The following is an example of just-in-case thinking. Woodscrews include the following lengths: 16, 20, 30, 40, 60, 90, 120 and 160 mm. There are also some historic 70 and 80 mm long woodscrews, but these sizes will not be replaced when they are used up. Instead, 90 mm screws will become standard. In addition, there are some woodscrews that are used for specific purposes, such as terrace screws, that would be coded: W F 4.2 x 55 A2 T20. Decoding this is left as an exercise for the interested reader.

Where possible, corrosion class C4 screws are used both indoors and outdoors, for there is no need to have a supply of screws that can only be used indoors. That said, it is difficult to find smaller dimension screws (lengths <= 30 mm) that are corrosion protected.

Wes Honeywell & the Thermostats

Photo by Moja Msanii on Unsplash

Somewhere, in a parallel universe, Wes Honeywell is growing impatient with his current band, Damper-Flapper, led by his old friend Al Butz. There are several problems with Damper-Flapper.

First, most of the sidemen (yes, they are all men), have different motivations. One actually enjoys playing music, a second uses his performance as a magnet for attracting women, a third person meets for his mental health, while the last member attends for the money. The sociopathic bandleader/ music director/ songwriter is solely interested in the band as a means of controlling people.

Second, they can’t agree on a genre. It is an unhealthy combination of blues, country, electro-pop, jazz, industrial rock and surf. They refer to it as fusion, but everyone else calls it noise.

Third, with an average age north of 70, it is becoming harder for band members to remember details like lyrics and chord changes. It is not even possible to introduce new songs, because everyone is stuck in his own personal rut. Illness, both real and fake, is taking its toll at band practice.

Since harmony is not a term that can be applied to Damper-Flapper, Wes has decided to spend less time interacting with this mash and clash of humanity and to spend more time working alone as a musician.

Computers are not high priority for Wes. Fortunately, he knows people who know things, and one of these people in Proton Bletchley. Proton was able to tell Wes, that the heart of every 21st century one-person-band (yes, this applies to the other gender too), is a digital audio workstation (DAW). While laptops are portable, desktop or even rack based machines are preferred. In general, they are faster, run cooler (using less energy and producing less noise), offer greater flexibility such as more RAM, additional drives, and space for better graphic cards (if video is being contemplated).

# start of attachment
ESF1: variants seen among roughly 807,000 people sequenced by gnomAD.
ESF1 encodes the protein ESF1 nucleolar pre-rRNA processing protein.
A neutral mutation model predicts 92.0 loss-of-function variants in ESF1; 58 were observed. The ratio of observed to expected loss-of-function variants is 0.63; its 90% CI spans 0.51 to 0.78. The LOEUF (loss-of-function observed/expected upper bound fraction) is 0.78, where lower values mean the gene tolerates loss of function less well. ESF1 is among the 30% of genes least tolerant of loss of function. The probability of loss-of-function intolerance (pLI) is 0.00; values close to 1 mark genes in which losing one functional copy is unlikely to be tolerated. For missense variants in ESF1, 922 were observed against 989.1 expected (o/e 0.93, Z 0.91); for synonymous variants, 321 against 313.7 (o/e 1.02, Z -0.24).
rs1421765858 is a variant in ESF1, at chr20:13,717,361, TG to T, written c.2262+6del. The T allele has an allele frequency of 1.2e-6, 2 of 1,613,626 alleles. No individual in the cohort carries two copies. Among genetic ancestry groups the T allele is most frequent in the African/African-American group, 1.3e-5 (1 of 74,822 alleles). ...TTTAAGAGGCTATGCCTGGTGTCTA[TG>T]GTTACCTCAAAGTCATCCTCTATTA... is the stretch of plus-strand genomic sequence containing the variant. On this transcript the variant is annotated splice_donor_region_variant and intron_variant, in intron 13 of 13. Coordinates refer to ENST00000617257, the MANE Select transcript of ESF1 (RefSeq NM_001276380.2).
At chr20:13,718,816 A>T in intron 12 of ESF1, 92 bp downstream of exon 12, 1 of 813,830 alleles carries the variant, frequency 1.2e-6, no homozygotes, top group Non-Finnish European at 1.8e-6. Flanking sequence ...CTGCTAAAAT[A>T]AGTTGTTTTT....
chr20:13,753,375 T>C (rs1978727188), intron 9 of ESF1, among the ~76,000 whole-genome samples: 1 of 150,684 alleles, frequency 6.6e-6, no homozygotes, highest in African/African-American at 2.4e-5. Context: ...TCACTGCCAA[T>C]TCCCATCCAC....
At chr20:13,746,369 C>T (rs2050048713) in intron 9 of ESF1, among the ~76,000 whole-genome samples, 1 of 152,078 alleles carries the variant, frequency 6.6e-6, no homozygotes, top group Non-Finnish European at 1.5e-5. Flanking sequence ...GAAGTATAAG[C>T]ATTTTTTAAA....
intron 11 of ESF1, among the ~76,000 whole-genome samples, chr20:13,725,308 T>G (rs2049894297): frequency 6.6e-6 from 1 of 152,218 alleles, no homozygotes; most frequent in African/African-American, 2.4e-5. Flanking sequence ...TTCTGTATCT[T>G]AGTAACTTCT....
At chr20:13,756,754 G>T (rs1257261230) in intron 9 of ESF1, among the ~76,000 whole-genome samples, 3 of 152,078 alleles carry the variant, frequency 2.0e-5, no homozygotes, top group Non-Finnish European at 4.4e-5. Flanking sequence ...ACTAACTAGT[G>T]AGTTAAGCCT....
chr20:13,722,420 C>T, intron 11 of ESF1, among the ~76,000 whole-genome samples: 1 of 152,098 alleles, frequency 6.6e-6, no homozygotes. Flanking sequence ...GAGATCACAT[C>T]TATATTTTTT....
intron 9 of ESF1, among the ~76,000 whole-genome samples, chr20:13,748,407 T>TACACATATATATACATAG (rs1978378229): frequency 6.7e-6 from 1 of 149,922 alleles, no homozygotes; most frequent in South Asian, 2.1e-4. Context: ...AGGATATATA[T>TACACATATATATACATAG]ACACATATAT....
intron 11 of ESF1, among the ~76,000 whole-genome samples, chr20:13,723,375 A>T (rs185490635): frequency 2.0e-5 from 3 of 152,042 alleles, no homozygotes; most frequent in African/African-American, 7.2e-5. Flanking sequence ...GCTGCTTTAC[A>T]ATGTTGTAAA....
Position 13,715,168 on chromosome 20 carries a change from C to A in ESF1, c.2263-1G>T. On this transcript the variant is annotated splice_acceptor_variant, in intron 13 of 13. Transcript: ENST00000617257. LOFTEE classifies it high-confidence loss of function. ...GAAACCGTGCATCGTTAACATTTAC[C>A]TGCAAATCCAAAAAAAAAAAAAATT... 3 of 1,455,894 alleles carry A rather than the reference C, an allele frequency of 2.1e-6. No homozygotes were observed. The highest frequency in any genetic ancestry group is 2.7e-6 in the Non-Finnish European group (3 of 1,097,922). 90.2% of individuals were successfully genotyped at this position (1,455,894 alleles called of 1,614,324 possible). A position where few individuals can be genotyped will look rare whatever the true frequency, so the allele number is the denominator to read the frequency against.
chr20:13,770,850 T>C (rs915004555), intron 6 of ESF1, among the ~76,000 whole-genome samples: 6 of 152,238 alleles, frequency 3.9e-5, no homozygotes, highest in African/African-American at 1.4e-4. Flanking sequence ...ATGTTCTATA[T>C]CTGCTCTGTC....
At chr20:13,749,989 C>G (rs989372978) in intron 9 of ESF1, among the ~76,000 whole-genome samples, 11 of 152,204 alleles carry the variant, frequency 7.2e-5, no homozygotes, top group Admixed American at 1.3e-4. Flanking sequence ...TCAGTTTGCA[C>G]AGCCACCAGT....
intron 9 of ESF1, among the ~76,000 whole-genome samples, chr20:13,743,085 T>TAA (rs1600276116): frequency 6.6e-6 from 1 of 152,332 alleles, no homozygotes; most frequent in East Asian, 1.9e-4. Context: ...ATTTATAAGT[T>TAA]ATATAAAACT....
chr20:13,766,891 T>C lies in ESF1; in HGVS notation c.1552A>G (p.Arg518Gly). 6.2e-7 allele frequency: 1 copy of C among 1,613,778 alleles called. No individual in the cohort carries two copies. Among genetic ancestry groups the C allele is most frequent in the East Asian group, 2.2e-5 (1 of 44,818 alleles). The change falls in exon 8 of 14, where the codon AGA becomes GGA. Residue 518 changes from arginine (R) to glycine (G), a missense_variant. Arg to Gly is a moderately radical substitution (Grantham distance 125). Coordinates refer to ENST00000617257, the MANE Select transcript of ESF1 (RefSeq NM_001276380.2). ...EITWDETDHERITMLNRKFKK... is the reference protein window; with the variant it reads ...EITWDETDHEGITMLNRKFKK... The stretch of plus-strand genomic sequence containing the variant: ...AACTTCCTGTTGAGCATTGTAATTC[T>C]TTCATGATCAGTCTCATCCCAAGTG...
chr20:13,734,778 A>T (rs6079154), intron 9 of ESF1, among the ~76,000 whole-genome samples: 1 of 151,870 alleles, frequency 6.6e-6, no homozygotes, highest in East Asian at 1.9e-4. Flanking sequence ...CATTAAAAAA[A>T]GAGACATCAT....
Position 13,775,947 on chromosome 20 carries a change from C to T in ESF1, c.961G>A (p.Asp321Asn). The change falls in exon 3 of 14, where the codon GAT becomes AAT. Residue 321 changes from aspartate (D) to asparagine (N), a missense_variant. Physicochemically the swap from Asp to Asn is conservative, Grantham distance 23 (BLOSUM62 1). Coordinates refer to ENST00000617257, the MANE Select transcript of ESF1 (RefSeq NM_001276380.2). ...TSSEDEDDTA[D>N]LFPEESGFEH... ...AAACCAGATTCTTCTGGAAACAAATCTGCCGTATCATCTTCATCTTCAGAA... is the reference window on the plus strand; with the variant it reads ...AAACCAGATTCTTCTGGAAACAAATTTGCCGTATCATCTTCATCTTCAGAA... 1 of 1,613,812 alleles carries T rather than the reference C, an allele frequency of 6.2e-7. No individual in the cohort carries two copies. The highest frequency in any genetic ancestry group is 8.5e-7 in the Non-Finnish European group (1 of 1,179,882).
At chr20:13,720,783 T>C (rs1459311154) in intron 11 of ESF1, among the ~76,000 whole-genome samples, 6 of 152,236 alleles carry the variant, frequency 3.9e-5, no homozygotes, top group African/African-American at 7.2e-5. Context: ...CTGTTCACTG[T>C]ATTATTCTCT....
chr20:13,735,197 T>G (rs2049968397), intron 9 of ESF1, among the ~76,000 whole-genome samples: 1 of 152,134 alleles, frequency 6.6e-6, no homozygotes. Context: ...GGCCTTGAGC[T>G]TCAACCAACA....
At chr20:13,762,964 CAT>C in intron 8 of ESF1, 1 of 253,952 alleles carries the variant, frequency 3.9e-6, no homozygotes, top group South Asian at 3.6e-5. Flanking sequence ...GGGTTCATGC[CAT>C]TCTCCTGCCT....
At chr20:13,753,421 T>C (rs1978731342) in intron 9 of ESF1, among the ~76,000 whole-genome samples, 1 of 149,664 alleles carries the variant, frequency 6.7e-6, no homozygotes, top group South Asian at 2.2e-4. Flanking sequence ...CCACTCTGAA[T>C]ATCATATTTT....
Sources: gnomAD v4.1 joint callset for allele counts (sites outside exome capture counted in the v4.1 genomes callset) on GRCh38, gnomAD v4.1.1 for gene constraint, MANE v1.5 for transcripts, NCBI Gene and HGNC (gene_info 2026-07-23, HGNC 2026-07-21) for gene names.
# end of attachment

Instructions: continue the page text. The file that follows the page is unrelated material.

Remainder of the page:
Wes needs a lot of tracks. His father was a jazz pianist, and played nothing else, but Wes converted early in life to blues. He can perform: (1) lead vocals, (2) backing vocals, (3) lead guitar, (4) rhythm guitar, (5) bass guitar, (6) keyboard, (7) drums, including (8) congas, and (9) saxophone.

Each of these can be laid down as a separate track, while Wes listens to one or more of the tracks that have been laid down previously. The average number of times Wes needs to lay down a track varies with his skill with the instrument: once for congas; fourteen for saxophone, and counting.

The main recording challenge is noise, which may mean that any computer has to be physically separated from studio (a fancy name for Wes’ spare bedroom) pickups and microphones. This is not quite as acute a problem now as it was before, since some fanless (almost silent) computers are able to do vast amounts of processing, compared to earlier machines.

Other hardware considerations had to be taken, but only after some software decisions have been made. One of the first was about which operating system to use, Apple MacOS or Windows? Proton’s standard answer is neither, use Linux. This is because of his support of the Open Source movement.

While Proton is a confirmed open source advocate, he is also a hypocrite. He spends his days extolling the virtues of Open Source software, forgetting some of the serious issues that come with them: the lack of professionalism in Open Source communities, which result in inappropriate products; the lack of resources, financial and otherwise; there are also issues caused by commercial licensing restrictions.